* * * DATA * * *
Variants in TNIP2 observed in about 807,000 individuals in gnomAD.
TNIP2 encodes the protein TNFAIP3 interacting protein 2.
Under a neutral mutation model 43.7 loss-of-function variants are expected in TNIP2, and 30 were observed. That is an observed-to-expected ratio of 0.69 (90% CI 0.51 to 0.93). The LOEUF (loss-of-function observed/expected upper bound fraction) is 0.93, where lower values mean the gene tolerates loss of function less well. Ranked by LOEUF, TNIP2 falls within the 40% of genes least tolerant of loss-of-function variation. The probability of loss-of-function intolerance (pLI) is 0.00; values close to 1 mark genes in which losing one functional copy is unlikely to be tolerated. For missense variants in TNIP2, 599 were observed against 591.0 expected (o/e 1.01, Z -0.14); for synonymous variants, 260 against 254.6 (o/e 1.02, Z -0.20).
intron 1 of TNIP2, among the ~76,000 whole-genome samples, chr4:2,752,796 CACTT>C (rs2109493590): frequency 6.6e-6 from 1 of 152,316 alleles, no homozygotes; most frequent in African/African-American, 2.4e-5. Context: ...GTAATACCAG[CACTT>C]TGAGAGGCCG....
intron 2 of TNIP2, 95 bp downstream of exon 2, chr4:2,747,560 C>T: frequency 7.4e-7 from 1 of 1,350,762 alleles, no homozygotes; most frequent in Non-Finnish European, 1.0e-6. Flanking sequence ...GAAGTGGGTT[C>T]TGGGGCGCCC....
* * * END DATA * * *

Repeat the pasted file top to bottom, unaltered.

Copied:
Variants in TNIP2 observed in about 807,000 individuals in gnomAD.
TNIP2 encodes the protein TNFAIP3 interacting protein 2.
Under a neutral mutation model 43.7 loss-of-function variants are expected in TNIP2, and 30 were observed. That is an observed-to-expected ratio of 0.69 (90% CI 0.51 to 0.93). The LOEUF (loss-of-function observed/expected upper bound fraction) is 0.93, where lower values mean the gene tolerates loss of function less well. Ranked by LOEUF, TNIP2 falls within the 40% of genes least tolerant of loss-of-function variation. The probability of loss-of-function intolerance (pLI) is 0.00; values close to 1 mark genes in which losing one functional copy is unlikely to be tolerated. For missense variants in TNIP2, 599 were observed against 591.0 expected (o/e 1.01, Z -0.14); for synonymous variants, 260 against 254.6 (o/e 1.02, Z -0.20).
intron 1 of TNIP2, among the ~76,000 whole-genome samples, chr4:2,752,796 CACTT>C (rs2109493590): frequency 6.6e-6 from 1 of 152,316 alleles, no homozygotes; most frequent in African/African-American, 2.4e-5. Context: ...GTAATACCAG[CACTT>C]TGAGAGGCCG....
intron 2 of TNIP2, 95 bp downstream of exon 2, chr4:2,747,560 C>T: frequency 7.4e-7 from 1 of 1,350,762 alleles, no homozygotes; most frequent in Non-Finnish European, 1.0e-6. Flanking sequence ...GAAGTGGGTT[C>T]TGGGGCGCCC....